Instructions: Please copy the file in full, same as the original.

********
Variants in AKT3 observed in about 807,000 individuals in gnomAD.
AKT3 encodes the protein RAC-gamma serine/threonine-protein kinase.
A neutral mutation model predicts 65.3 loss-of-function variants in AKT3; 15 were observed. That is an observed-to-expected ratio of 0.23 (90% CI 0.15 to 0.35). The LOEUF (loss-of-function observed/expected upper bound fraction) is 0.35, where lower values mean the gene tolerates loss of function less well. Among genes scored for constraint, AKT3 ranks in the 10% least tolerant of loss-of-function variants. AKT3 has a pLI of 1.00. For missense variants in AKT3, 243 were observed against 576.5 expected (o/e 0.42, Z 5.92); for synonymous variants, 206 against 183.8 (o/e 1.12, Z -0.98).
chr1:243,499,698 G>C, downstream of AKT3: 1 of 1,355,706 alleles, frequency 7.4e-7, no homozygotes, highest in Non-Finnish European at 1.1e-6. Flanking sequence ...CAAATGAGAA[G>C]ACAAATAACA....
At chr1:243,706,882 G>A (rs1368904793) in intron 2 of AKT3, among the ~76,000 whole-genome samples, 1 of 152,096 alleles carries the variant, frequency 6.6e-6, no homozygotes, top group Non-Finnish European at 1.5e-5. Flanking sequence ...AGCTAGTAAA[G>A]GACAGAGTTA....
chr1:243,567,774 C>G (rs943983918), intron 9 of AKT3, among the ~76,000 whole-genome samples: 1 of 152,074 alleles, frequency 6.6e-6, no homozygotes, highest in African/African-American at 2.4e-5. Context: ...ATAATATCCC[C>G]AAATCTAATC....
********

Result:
Variants in AKT3 observed in about 807,000 individuals in gnomAD.
AKT3 encodes the protein RAC-gamma serine/threonine-protein kinase.
A neutral mutation model predicts 65.3 loss-of-function variants in AKT3; 15 were observed. That is an observed-to-expected ratio of 0.23 (90% CI 0.15 to 0.35). The LOEUF (loss-of-function observed/expected upper bound fraction) is 0.35, where lower values mean the gene tolerates loss of function less well. Among genes scored for constraint, AKT3 ranks in the 10% least tolerant of loss-of-function variants. AKT3 has a pLI of 1.00. For missense variants in AKT3, 243 were observed against 576.5 expected (o/e 0.42, Z 5.92); for synonymous variants, 206 against 183.8 (o/e 1.12, Z -0.98).
chr1:243,499,698 G>C, downstream of AKT3: 1 of 1,355,706 alleles, frequency 7.4e-7, no homozygotes, highest in Non-Finnish European at 1.1e-6. Flanking sequence ...CAAATGAGAA[G>C]ACAAATAACA....
At chr1:243,706,882 G>A (rs1368904793) in intron 2 of AKT3, among the ~76,000 whole-genome samples, 1 of 152,096 alleles carries the variant, frequency 6.6e-6, no homozygotes, top group Non-Finnish European at 1.5e-5. Flanking sequence ...AGCTAGTAAA[G>A]GACAGAGTTA....
chr1:243,567,774 C>G (rs943983918), intron 9 of AKT3, among the ~76,000 whole-genome samples: 1 of 152,074 alleles, frequency 6.6e-6, no homozygotes, highest in African/African-American at 2.4e-5. Context: ...ATAATATCCC[C>G]AAATCTAATC....